The answer is as varied as the many different models of cameras and their related firmware.
When set to AWB, most older digital cameras use algorithms that attempt to set white balance based on the assumption that the brightest areas in the frame should be neutral white or very light gray. This works fairly well unless some areas are fully saturated in all three channels (before any exposure adjustments are applied).
The result may be similar to one of the preset selections available (Daylight, Tungsten, Cloudy, Fluorescent, etc.) or it may be considerably different from any of them. If the detected scene is close enough to one of the camera's preset choices, that one might be applied or might not, depending upon the exact camera model in question.
Newer cameras often use more sophisticated algorithms that can vary greatly from one camera model to the next. Most are similar to some forms of metering such as Nikon's 'Matrix' or Canon's 'Evaluative' metering in which the data from the frame is compared to a library loaded into the camera's firmware and applied based on instructions for the closest match. If the camera detects a scene with bright blue sky in the upper part of the frame and darker green in the lower frame it will apply WB based upon a landscape profile. If it detects a scene with lots of areas that look (to it) like skin tones it will apply a WB based upon a portrait profile. (This explanation is vastly simplified from the many subtleties that are analyzed and can affect the outcome.)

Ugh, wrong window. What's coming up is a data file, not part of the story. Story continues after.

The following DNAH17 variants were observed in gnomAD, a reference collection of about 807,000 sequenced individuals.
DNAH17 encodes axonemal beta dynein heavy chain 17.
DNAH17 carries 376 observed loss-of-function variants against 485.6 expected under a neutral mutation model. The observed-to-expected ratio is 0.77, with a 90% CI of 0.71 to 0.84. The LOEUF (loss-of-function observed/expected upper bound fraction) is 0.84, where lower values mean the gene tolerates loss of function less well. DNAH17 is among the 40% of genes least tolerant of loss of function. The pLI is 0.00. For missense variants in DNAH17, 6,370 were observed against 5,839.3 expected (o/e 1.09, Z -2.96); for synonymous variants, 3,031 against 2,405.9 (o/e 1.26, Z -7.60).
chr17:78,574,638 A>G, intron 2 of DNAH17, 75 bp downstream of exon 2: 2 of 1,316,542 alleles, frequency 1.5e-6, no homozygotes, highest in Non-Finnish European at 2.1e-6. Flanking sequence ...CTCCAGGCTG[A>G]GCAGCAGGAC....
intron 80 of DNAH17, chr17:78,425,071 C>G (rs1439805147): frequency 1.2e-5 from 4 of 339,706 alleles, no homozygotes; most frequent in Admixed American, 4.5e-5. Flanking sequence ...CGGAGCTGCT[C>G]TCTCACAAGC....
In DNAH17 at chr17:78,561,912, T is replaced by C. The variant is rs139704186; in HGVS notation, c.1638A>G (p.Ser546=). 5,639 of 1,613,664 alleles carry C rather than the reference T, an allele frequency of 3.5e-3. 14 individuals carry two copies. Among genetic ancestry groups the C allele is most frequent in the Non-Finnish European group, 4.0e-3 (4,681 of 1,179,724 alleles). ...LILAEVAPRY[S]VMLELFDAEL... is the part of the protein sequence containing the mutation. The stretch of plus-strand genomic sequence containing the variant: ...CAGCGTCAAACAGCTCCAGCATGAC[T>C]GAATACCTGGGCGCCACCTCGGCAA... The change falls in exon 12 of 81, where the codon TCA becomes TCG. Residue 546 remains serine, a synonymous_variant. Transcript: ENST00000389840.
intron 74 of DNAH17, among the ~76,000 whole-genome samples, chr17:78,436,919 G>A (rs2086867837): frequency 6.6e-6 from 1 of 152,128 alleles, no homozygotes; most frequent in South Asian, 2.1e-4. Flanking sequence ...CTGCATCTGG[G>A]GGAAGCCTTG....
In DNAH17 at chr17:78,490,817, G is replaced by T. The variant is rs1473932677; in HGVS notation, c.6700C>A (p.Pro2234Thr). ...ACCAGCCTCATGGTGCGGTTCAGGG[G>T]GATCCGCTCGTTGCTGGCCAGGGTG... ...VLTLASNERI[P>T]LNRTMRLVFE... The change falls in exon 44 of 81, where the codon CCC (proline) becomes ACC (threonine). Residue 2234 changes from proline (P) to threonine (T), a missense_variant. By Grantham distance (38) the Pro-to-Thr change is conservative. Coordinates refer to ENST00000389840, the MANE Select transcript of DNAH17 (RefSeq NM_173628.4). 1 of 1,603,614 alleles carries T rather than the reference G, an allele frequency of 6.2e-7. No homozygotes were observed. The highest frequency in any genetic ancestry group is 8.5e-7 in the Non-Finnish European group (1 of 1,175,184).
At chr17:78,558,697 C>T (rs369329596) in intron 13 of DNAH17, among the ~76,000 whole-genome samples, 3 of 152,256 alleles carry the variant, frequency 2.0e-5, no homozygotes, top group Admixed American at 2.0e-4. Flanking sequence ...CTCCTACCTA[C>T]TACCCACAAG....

Some cameras even allow user selectable options between bias towards the brightest areas of the scene or bias towards the more average areas of the scene. Canon calls the two choices available with some of their newest models 'white priority AWB' or 'ambience priority AWB'.